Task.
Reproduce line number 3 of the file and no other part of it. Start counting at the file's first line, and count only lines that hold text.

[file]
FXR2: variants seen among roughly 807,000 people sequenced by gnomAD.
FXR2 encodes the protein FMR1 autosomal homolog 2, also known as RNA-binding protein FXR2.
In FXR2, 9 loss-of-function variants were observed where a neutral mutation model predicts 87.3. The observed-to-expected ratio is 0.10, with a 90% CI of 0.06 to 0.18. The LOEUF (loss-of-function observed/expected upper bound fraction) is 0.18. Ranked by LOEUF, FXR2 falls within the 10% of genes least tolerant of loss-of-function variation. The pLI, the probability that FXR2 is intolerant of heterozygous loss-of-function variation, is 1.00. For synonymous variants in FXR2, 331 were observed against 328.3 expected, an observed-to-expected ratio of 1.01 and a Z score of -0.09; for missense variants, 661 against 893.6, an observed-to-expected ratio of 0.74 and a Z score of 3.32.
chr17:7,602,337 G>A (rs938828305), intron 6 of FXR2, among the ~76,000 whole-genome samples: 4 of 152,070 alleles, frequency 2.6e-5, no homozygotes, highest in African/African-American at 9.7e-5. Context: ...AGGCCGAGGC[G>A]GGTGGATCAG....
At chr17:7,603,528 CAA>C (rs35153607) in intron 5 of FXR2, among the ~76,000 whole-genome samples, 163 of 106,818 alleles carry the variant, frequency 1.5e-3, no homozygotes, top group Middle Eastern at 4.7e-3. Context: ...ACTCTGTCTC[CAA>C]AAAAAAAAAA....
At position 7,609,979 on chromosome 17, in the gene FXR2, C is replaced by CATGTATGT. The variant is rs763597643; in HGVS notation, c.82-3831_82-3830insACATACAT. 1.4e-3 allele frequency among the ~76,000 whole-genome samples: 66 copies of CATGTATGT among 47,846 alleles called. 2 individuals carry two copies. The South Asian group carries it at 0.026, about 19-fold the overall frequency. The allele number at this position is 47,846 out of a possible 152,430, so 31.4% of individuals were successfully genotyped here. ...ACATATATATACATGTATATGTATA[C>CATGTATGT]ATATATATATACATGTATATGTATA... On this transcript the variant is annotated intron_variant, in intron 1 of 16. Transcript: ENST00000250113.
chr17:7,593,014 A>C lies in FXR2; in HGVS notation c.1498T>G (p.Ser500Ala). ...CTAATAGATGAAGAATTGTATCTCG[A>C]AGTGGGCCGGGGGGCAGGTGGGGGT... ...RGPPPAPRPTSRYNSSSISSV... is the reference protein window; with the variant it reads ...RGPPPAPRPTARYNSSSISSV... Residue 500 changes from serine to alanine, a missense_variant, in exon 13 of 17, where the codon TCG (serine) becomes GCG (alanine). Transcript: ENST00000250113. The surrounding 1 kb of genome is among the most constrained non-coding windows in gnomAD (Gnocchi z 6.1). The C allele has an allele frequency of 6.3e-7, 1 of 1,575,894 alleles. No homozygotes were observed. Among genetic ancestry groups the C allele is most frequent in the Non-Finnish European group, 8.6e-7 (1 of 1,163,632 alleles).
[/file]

In FXR2, 9 loss-of-function variants were observed where a neutral mutation model predicts 87.3. The observed-to-expected ratio is 0.10, with a 90% CI of 0.06 to 0.18. The LOEUF (loss-of-function observed/expected upper bound fraction) is 0.18. Ranked by LOEUF, FXR2 falls within the 10% of genes least tolerant of loss-of-function variation. The pLI, the probability that FXR2 is intolerant of heterozygous loss-of-function variation, is 1.00. For synonymous variants in FXR2, 331 were observed against 328.3 expected, an observed-to-expected ratio of 1.01 and a Z score of -0.09; for missense variants, 661 against 893.6, an observed-to-expected ratio of 0.74 and a Z score of 3.32.